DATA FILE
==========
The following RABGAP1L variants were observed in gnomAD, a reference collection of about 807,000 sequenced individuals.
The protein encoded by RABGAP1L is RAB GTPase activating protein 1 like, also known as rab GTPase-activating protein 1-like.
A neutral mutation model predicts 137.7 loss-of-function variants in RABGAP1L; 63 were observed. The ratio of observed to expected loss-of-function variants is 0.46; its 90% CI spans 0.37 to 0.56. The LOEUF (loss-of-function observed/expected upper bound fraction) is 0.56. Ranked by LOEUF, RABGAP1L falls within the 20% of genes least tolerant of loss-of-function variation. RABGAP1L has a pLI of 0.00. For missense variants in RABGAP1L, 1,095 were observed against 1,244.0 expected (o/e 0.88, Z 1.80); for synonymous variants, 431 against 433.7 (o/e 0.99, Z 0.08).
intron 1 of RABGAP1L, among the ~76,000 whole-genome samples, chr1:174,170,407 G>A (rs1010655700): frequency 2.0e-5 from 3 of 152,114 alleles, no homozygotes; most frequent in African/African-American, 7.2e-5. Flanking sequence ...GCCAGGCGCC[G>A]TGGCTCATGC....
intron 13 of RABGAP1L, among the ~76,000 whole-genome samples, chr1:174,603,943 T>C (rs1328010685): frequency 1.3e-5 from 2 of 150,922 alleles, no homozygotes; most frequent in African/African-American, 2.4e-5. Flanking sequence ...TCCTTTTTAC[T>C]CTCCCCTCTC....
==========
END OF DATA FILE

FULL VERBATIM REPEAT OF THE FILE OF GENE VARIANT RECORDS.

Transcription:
The following RABGAP1L variants were observed in gnomAD, a reference collection of about 807,000 sequenced individuals.
The protein encoded by RABGAP1L is RAB GTPase activating protein 1 like, also known as rab GTPase-activating protein 1-like.
A neutral mutation model predicts 137.7 loss-of-function variants in RABGAP1L; 63 were observed. The ratio of observed to expected loss-of-function variants is 0.46; its 90% CI spans 0.37 to 0.56. The LOEUF (loss-of-function observed/expected upper bound fraction) is 0.56. Ranked by LOEUF, RABGAP1L falls within the 20% of genes least tolerant of loss-of-function variation. RABGAP1L has a pLI of 0.00. For missense variants in RABGAP1L, 1,095 were observed against 1,244.0 expected (o/e 0.88, Z 1.80); for synonymous variants, 431 against 433.7 (o/e 0.99, Z 0.08).
intron 1 of RABGAP1L, among the ~76,000 whole-genome samples, chr1:174,170,407 G>A (rs1010655700): frequency 2.0e-5 from 3 of 152,114 alleles, no homozygotes; most frequent in African/African-American, 7.2e-5. Flanking sequence ...GCCAGGCGCC[G>A]TGGCTCATGC....
intron 13 of RABGAP1L, among the ~76,000 whole-genome samples, chr1:174,603,943 T>C (rs1328010685): frequency 1.3e-5 from 2 of 150,922 alleles, no homozygotes; most frequent in African/African-American, 2.4e-5. Flanking sequence ...TCCTTTTTAC[T>C]CTCCCCTCTC....